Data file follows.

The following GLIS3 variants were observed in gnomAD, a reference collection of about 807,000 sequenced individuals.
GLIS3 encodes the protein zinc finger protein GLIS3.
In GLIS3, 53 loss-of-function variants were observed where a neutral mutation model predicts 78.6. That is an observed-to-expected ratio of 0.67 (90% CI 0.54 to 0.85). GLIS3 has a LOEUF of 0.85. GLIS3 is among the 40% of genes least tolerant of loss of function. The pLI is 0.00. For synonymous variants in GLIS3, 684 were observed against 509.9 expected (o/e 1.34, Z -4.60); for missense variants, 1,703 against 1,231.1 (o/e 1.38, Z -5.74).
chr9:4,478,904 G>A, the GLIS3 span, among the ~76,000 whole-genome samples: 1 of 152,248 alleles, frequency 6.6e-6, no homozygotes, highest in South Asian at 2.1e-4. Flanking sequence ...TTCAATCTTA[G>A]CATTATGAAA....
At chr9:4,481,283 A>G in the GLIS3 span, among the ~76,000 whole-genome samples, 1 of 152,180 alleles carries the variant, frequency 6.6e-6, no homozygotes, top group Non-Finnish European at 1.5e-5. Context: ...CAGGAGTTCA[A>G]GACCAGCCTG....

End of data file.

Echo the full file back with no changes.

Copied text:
The following GLIS3 variants were observed in gnomAD, a reference collection of about 807,000 sequenced individuals.
GLIS3 encodes the protein zinc finger protein GLIS3.
In GLIS3, 53 loss-of-function variants were observed where a neutral mutation model predicts 78.6. That is an observed-to-expected ratio of 0.67 (90% CI 0.54 to 0.85). GLIS3 has a LOEUF of 0.85. GLIS3 is among the 40% of genes least tolerant of loss of function. The pLI is 0.00. For synonymous variants in GLIS3, 684 were observed against 509.9 expected (o/e 1.34, Z -4.60); for missense variants, 1,703 against 1,231.1 (o/e 1.38, Z -5.74).
chr9:4,478,904 G>A, the GLIS3 span, among the ~76,000 whole-genome samples: 1 of 152,248 alleles, frequency 6.6e-6, no homozygotes, highest in South Asian at 2.1e-4. Flanking sequence ...TTCAATCTTA[G>A]CATTATGAAA....
At chr9:4,481,283 A>G in the GLIS3 span, among the ~76,000 whole-genome samples, 1 of 152,180 alleles carries the variant, frequency 6.6e-6, no homozygotes, top group Non-Finnish European at 1.5e-5. Context: ...CAGGAGTTCA[A>G]GACCAGCCTG....